currently surrounds it needs to be
removed, as too many see this as a
non-viable career route. If nothing is
done to remedy this, we can expect
no improvement of the situation
concerning recruitment and retention.
Moreover, Britain’s due exit from the
EU will do little to help this aspect
of the industry. It is not yet clear
whether or not, subsequent to Brexit,
we will be denied access to the huge
pool of talented and motivated care
workers that we currently enjoy – a
pool of talent from which the UK has
benefited hugely over the years.
Where things are headed
As mentioned earlier in the article, the
demand for services of the sort that
we provide will only increase as the
average age of Britain increases. This
increase in age – and, by extension, the
amount of care required – is outpacing
NHS capacity increases. Care at home
will therefore play a crucial role in
attenuating the coming difficulties.
At Bluebird Care, we want to be at
the fore of improving this young but
maturing industry. This will involve,
among other things, bringing greater
esteem to the industry and removing
the chasm that currently exists
between the NHS and domiciliary care.
However, we cannot do this alone;
it requires a long-term governmental
effort, too.
Despite the problems currently facing
the industry, we have faith in its
long-term trajectory – if nothing else,
because necessity demands it of us.
These issues will only become more
prominent as time goes on, and – as
a market-leading company – we will
place ourselves on the front line of
thisdebate.
The demand
for services of
the sort that
we provide
will only
increase as the
average age
of Britain
increases
Humble origins, a
meteoric rise

www.bluebirdcare.co.uk

This article was sponsored by Bluebird Care. The Parliamentary Review is wholly funded by the representatives who write for it. The publication in which this article originally appeared contained the following foreword from The Rt Hon Theresa May MP.

The Rt Hon Theresa May MP's Foreword For The Parliamentary Review

By The Rt Hon Theresa May MP

This foreword from the then Prime Minister appeared in the 2018/19 Parliamentary Review.

British politics provides ample material for analysis in the pages of The Parliamentary Review. For Her Majesty’s Government, our task in the year ahead is clear: to achieve the best Brexit deal for Britain and to carry on our work to build a more prosperous and united country – one that truly works for everyone. 

The right Brexit deal will not be sufficient on its own to secure a more prosperous future for Britain. We also need to ensure that our economy is ready for what tomorrow will bring. Our Modern Industrial Strategy is our plan to do that. It means Government stepping up to secure the foundations of our productivity: providing an education system that delivers the skills our economy needs, improving school standards and transforming technical education; delivering infrastructure for growth; ensuring people have the homes they need in the places they want to live. It is all about taking action for the long-term that will pay dividends in the future.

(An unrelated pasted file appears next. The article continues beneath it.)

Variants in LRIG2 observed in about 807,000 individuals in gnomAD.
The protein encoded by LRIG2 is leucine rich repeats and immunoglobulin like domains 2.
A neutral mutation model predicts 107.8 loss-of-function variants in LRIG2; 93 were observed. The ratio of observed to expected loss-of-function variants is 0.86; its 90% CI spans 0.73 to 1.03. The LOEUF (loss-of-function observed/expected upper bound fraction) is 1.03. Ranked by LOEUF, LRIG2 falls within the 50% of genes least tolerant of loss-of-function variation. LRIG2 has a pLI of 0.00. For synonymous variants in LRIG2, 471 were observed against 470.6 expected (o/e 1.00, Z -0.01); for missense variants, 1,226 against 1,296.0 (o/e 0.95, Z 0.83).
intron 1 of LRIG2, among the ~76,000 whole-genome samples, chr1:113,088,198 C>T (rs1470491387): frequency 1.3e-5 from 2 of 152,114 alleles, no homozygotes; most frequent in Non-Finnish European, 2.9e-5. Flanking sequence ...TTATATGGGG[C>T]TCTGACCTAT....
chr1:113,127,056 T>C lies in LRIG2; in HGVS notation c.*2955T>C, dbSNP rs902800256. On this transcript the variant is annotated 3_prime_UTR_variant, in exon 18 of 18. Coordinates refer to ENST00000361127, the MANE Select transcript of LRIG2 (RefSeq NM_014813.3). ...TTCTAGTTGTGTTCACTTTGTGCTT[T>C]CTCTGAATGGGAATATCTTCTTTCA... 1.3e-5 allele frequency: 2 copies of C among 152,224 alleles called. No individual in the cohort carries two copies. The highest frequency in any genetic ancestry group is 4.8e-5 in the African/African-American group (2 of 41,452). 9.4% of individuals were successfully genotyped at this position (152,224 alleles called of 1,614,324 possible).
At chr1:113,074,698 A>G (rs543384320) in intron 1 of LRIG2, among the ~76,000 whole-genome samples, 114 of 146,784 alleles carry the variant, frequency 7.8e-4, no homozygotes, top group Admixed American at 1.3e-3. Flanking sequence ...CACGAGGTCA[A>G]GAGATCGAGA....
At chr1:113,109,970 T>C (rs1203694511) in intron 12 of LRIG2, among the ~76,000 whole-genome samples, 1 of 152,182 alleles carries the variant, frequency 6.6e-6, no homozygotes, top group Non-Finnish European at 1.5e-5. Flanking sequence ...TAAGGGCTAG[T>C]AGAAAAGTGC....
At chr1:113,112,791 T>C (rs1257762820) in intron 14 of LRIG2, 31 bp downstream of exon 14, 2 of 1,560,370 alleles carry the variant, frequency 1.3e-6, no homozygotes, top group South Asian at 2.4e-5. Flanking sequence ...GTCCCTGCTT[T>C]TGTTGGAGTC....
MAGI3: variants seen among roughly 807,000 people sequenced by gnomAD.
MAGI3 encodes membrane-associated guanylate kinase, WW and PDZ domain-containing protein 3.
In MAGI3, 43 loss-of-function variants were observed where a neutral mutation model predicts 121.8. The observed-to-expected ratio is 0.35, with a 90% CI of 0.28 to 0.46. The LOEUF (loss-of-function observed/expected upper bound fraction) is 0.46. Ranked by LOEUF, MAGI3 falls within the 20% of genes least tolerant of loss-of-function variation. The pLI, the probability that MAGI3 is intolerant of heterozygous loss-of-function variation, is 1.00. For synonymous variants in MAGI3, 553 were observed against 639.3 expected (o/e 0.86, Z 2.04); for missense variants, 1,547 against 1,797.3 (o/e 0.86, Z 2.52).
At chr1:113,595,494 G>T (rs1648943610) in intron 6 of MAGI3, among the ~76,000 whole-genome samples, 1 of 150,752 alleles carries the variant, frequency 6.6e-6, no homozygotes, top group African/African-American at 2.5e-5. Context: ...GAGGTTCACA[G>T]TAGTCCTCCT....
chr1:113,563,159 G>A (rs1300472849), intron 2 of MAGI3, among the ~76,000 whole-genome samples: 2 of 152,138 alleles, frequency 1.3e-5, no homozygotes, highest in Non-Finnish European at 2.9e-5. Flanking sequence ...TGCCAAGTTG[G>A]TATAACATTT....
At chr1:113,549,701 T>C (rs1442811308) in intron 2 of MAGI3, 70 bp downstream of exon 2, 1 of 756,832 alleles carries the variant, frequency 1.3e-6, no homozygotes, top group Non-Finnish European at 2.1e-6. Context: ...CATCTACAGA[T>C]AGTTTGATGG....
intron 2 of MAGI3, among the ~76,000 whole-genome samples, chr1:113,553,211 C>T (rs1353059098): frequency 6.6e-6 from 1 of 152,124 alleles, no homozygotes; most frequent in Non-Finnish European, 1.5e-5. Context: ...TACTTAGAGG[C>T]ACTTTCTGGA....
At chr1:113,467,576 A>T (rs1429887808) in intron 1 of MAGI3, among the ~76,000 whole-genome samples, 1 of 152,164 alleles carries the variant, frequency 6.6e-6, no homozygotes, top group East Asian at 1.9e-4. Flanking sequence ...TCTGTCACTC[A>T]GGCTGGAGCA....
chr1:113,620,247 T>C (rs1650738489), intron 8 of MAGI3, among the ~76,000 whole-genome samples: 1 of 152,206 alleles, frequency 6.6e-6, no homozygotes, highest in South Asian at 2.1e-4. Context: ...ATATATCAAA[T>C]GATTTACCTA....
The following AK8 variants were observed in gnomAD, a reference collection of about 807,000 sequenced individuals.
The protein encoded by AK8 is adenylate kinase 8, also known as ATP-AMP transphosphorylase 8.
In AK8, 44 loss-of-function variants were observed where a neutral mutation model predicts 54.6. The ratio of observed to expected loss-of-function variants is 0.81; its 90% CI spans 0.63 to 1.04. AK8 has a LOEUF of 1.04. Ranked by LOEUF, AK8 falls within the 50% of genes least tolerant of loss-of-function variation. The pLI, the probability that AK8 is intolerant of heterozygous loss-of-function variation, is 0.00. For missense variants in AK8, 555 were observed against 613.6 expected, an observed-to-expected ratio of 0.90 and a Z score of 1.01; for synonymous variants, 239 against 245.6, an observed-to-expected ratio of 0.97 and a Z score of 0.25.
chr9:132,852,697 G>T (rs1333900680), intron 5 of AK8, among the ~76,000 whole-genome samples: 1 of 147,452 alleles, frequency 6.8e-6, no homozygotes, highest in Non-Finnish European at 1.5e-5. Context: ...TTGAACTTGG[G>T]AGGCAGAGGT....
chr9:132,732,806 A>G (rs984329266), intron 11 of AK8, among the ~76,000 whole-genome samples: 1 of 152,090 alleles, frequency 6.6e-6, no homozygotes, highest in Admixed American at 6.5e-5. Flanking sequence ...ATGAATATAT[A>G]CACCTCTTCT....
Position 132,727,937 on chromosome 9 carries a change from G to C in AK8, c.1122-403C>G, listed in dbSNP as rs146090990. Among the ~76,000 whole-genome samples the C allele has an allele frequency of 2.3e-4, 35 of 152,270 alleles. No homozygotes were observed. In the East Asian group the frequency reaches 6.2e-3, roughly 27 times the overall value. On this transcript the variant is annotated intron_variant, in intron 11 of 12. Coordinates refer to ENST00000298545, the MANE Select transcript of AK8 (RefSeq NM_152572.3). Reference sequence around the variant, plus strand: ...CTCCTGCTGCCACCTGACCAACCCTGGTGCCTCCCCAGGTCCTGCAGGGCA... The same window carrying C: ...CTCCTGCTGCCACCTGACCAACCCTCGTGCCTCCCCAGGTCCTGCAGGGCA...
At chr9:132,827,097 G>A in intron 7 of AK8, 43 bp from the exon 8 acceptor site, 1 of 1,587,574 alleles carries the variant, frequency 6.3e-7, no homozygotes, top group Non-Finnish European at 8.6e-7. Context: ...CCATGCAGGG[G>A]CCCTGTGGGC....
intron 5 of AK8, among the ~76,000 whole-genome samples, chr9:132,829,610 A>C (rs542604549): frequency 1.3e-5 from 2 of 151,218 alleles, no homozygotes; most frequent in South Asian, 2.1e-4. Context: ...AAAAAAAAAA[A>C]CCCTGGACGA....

But it also goes beyond that. Government, the private sector and academia working together as strategic partners achieve far more than we could separately. That is why we have set an ambitious goal of lifting UK public and private research and development investment to 2.4 per cent of GDP by 2027. It is why we are developing four Grand Challenges, the big drivers of social and economic change in the world today: harnessing artificial intelligence and the data revolution; leading in changes to the future of mobility; meeting the challenges of our ageing society; and driving ahead the revolution in clean growth. By focusing our efforts on making the most of these areas of enormous potential, we can develop new exports, grow new industries and create more good jobs in every part of our country.

Years of hard work and sacrifice from the British people have got our deficit down by over three quarters. We are building on this success by taking a balanced approach to public spending. We are continuing to deal with our debts, so that our economy can remain strong and we can protect people’s jobs, and at the same time we are investing in vital public services, like our NHS. We have set out plans to increase NHS funding annually by an average by 3.4 percent in real terms: that is £394 million a week more. In return, the NHS will produce a ten-year plan, led by doctors and nurses, to eliminate waste and improve patient care.

I believe that Britain can look to the future with confidence. We are leaving the EU and setting a new course for prosperity as a global trading nation. We have a Modern Industrial Strategy that is strengthening the foundations of our economy and helping us to seize the opportunities of the future. We are investing in the public services we all rely on and helping them to grow and improve. Building on our country’s great strengths – our world-class universities and researchers, our excellent services sector, our cutting edge manufacturers, our vibrant creative industries, our dedicated public servants – we can look towards a new decade that is ripe with possibility. The government I lead is doing all it can to make that brighter future a reality for everyone in our country. 

British politics provides ample material for analysis in the pages of The Parliamentary Review 
The Rt Hon Theresa May MP
Prime Minister